The Power of Invisibility in Your Career

by Tiffany A. Dedeaux

I was the kid who wanted so bad to be invisible. This was long before Harry Potter and well after the Invisible Man. I did know that I wouldn’t look people in the eye or would sit by myself and it never dawned on me that people could still see me. Thank you to those who still said hi.

This is a super power but I wasn’t using it right. I can make people and jobs and opportunities disappear. Sometimes I know when I do it.  Is it still self-sabotage if you don’t always know when you’re doing it? Like anything that’s good in life, love, and work, there must be moderation. So, when is the Power of Invisibility good in your career and when does it work to your detriment?

When it Hurts Your Career

Based on the talk given by Kore Koubourlis for Leading Women in Technology, the Power of Invisibility, also known as a ‘hiding strategy,’ can hurt when you’re spending so much time and energy trying to keep people from seeing what you don’t want them to see such as your perceived inadequacies. What does this look like?

  • Avoidance
  • Apologizing
  • Lack of eye contact
  • Not accepting compliments

While this is not an exhaustive list by any stretch, I think it’s important to say that if you add to or say anything other than “thank you,” you are not fully accepting the compliment. Yes, even if you think that you’re giving other people the credit they deserve – and maybe you are – but the truth is you are also diluting that compliment before you ingest it. I am not saying always and never, I am saying have balance and recognize when you’re avoiding accepting credit for your hard work because that contributes to impostor syndrome.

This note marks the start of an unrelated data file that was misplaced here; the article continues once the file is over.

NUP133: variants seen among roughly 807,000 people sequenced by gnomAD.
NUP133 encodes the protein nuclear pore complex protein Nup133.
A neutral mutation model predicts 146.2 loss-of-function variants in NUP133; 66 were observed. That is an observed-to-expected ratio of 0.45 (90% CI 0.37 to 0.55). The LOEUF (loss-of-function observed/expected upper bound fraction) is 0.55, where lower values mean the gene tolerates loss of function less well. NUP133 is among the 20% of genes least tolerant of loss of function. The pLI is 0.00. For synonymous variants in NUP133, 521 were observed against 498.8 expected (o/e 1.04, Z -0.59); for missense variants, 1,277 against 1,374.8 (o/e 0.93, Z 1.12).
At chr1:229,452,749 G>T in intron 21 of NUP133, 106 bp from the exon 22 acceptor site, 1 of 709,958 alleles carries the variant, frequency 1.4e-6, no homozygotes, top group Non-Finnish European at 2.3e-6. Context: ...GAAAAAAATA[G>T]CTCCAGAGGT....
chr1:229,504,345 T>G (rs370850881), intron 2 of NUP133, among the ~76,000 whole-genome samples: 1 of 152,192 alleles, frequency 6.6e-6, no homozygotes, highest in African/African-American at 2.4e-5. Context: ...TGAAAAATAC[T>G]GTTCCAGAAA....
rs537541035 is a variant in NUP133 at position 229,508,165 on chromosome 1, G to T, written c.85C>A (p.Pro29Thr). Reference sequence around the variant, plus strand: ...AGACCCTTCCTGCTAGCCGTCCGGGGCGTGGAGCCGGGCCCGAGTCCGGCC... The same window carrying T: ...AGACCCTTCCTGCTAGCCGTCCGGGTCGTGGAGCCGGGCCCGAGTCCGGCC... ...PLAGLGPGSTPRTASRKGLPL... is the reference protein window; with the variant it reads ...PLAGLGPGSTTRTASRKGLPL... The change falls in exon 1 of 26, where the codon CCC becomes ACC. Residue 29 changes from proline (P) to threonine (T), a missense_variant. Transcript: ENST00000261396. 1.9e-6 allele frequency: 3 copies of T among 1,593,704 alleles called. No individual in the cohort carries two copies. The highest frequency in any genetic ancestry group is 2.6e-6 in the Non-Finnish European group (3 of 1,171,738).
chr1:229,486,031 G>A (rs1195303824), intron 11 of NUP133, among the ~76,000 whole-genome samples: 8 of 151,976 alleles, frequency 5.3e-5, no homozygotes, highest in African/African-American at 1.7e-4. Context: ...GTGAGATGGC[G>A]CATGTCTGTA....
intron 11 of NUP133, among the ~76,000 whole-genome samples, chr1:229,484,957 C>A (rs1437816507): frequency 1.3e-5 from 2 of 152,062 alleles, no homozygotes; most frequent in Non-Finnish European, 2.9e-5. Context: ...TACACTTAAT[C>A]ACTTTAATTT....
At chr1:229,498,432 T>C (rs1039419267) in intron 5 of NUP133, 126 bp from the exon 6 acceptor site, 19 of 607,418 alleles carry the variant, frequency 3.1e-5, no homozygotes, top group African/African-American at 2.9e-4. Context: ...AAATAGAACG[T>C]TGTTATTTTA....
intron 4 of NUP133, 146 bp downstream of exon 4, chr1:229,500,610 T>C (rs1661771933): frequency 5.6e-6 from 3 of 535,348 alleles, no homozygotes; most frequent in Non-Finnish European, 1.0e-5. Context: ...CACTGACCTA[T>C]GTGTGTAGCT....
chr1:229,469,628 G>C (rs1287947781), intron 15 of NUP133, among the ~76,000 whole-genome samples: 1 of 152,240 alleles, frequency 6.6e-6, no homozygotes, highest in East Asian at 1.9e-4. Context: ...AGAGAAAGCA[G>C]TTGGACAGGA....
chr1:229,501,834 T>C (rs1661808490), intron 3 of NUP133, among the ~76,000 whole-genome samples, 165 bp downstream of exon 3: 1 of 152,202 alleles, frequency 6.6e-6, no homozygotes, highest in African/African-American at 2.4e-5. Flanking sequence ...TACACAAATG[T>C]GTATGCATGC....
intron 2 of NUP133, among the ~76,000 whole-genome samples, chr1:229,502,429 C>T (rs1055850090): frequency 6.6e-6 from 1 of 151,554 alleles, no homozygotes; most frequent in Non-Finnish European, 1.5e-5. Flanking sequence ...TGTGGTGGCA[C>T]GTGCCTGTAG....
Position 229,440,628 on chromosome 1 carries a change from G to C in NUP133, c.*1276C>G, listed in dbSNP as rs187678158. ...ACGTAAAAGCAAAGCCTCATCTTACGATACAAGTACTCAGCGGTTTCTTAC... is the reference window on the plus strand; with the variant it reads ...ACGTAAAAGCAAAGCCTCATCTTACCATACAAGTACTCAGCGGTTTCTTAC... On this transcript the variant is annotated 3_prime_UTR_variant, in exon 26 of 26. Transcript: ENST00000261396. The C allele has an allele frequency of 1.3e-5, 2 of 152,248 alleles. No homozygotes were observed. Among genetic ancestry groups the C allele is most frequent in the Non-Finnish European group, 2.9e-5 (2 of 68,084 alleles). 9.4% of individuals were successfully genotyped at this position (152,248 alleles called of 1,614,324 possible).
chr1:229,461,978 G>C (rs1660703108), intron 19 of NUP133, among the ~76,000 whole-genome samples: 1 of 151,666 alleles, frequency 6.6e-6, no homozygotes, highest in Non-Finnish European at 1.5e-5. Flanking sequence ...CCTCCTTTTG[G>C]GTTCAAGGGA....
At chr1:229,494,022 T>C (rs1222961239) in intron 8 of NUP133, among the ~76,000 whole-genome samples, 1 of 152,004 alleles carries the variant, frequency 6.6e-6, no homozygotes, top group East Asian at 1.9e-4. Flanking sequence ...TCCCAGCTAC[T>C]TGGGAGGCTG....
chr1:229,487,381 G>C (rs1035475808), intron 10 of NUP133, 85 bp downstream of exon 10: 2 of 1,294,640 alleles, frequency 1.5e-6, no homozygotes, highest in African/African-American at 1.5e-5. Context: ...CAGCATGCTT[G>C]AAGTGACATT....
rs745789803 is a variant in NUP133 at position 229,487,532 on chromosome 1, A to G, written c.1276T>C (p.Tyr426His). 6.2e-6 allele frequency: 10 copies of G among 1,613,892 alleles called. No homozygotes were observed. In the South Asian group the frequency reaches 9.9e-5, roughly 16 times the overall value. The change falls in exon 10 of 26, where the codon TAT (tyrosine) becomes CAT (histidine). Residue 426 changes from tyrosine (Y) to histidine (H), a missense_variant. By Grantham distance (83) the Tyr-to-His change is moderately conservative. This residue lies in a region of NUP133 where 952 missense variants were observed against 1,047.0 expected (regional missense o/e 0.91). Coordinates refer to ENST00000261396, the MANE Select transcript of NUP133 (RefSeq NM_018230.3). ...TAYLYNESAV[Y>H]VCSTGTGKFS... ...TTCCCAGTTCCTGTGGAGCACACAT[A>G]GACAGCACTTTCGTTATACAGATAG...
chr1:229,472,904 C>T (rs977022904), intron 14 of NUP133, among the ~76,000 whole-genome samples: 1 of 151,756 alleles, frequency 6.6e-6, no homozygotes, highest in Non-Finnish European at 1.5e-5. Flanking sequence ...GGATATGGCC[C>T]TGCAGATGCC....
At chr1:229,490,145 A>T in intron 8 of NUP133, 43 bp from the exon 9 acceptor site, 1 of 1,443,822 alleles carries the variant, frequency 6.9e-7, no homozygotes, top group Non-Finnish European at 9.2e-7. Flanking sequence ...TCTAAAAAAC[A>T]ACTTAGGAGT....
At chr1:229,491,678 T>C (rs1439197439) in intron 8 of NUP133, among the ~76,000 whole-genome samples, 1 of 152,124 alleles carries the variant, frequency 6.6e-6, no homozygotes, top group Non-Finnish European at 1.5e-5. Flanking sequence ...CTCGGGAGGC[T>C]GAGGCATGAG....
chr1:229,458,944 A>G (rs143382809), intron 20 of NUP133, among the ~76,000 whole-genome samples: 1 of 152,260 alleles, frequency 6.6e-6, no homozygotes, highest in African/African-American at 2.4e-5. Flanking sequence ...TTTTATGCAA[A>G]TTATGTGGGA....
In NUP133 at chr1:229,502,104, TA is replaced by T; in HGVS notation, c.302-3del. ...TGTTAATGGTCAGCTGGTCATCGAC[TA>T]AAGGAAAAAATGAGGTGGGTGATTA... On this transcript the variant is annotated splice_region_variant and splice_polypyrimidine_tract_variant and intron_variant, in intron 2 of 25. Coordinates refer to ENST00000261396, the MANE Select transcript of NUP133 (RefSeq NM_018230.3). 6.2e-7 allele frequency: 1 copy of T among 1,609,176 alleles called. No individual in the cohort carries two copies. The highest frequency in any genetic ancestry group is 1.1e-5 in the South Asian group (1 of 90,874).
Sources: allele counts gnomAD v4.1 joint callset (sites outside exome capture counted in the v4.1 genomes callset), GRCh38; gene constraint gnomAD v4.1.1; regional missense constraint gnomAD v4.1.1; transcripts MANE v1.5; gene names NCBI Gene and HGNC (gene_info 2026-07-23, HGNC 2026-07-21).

If you struggle with being invisible and it’s not serving you, here is what you can do:

  • Participate
  • Take a risk

That’s a short list with large consequences.  The great thing is “sometimes all you need is 20 seconds of insane courage.”

When Used for Career Good

That’s all well and good, but when is the Power of Invisibility a good thing? When it’s not about you, and when you have other things to do rather than be a Ring Leader for a Circus of Attention. An important revelation in the age of Wonder Woman, is that there are times when you may be called on to be the superhero and other times when you are called to be the vehicle for heroic deeds (i.e. invisible jet).

What can you do? Set boundaries around what you do and what you leave to others. Let them take the responsibility and the credit because that will help them grow. It might also help you grow, especially if you tend to take on the problems of others like it’s your job to fix the world. The thing about time, trust, and career is that your time will come, and with it all the appropriate accolades and responsibilities.

Kore was right, it’s about how you want to show up, and I will add it’s also about knowing when to show up. If it takes a village to raise a family it sure as heck takes a village to build a program or a company. If you’re lucky – and I am – you’re part of a crew that doesn’t let you run with scissors but does let you run as far as your dreams will take you because you’ve got stuff to get done.

About tadedeaux

Tiffany, as an Associate Certified Career Coach, is a cross-pollinator of ideas with a background in broadcast journalism, social and ecopsychology, and coaching. Tiffany’s nearly two decades of experience has helped her to identify the power of story in connecting us to each other as well as to our environment. A believer in the power of reflection, practical application, and celebrating victories, Tiffany understands that the more we all live our dream, the more we can model it for future generations.
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